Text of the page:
1) Monetary policy - This means lowering the interest rate to encourage borrowing.

2) Direct Stimulus - This means pumping money into the economy via tax cuts and infrastructure projects.

Obama didn't have option 1 available to him. One of the (many) causes of our current economic downturn is that the Fed kept interest rates too low for too long, thereby creating a real estate bubble.

Posted by: nisleib | August 4, 2010 12:37 PM | Report abuse

Carter vs. Reagan vs. Bush:

Carter: Interest rate, 21%. Inflation, 13.5%. Unemployment, 7%. The so-called “Misery Index,” which Carter used to great effect in his 1976 campaign to win election, 20.5%.

Reagan’s last year: Interest rate, 9%. Inflation, 4.1%. Unemployment, 5.5%. Misery Index, 9.6%.

Bush (as of Ma7 2007): Interest rate, 8%. Inflation, 2.6%. Unemployment, 4.5%. Misery Index, 7.1%

Over his 8 years, non-farm employment inreased by nearly 16 million jobs under Reagan. Which aint bad.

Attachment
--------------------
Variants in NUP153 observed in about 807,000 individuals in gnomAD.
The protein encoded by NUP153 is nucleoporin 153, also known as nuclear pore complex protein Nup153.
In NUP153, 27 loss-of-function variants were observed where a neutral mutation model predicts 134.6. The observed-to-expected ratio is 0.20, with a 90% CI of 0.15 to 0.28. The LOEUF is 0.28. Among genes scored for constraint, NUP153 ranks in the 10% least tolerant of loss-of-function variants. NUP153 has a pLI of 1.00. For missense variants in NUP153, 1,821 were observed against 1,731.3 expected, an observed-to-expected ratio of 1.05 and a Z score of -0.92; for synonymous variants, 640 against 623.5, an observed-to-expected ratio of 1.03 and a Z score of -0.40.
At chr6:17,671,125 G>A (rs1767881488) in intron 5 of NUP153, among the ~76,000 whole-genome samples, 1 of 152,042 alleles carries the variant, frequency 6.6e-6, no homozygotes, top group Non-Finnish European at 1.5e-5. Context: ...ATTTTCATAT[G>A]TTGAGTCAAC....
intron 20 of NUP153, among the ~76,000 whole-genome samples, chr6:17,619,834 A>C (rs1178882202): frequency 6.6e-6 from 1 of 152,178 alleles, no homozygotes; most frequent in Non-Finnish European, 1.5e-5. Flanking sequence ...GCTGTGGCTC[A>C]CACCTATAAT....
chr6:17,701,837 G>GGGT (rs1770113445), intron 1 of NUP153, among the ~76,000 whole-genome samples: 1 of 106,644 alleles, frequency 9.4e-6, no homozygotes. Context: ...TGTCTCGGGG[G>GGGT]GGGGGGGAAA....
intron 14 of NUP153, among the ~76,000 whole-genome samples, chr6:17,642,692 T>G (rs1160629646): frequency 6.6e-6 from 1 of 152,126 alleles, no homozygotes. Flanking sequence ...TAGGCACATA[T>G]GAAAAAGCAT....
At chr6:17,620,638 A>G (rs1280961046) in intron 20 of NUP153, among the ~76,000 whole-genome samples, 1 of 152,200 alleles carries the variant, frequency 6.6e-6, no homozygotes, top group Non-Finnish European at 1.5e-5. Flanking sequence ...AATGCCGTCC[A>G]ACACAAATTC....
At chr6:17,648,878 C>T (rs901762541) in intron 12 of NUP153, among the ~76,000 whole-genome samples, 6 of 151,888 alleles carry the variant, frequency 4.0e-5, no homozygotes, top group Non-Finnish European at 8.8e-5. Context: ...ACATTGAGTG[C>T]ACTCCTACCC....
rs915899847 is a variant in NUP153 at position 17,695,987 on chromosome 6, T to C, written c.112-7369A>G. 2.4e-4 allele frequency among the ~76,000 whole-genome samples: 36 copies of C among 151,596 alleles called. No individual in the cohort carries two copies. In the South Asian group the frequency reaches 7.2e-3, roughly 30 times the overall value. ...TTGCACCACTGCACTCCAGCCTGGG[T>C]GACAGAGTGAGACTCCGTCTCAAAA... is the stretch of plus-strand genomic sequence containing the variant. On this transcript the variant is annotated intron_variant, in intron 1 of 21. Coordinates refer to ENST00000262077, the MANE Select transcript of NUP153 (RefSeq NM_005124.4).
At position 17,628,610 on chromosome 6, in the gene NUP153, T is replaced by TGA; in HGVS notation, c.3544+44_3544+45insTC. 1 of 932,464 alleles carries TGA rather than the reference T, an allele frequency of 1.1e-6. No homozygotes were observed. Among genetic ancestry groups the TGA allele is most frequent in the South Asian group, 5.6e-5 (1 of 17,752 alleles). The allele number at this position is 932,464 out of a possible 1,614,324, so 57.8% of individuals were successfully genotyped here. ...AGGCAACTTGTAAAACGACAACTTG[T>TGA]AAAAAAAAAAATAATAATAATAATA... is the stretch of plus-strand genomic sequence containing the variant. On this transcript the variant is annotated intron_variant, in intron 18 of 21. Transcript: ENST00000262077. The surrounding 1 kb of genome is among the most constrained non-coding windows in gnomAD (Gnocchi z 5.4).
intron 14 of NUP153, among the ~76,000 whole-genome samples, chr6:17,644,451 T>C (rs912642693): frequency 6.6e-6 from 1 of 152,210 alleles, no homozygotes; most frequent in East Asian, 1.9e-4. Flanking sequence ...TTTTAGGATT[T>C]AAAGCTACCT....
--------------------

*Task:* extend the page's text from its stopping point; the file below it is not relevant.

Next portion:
5.6 millions job were created under the first 7 years of the Bush admin, which is a little more than half the jobs Carter added in a single term (understanding, of course, that there is more to the economy that who is in the Whitehouse, in any case).

@lol-lol: "On average, the budgets Congress passed were smaller (not by much, but still) than what Reagan proposed. So you can't blame Congress for 'load[ing] them with pork and restor[ing] programs that Reagan tried to cut or reduce'."

True enough, as further research seems to reveal. It's been a long while since the 1980s, and my memory is not what is used to be. Apologies.

Posted by: Kevin_Willis | August 4, 2010 12:59 PM | Report abuse

21.5% Interest Rates, 13.5% Inflation. Ugh, that would have been challenging.

Posted by: bigless55 | August 4, 2010 1:03 PM | Report abuse

Dan Mitchell is Cato's tax policy guy. That means that will argue that tax cuts are the answer, no matter what question is asked. One of the many reasons I pay no attention to the Cato Institute.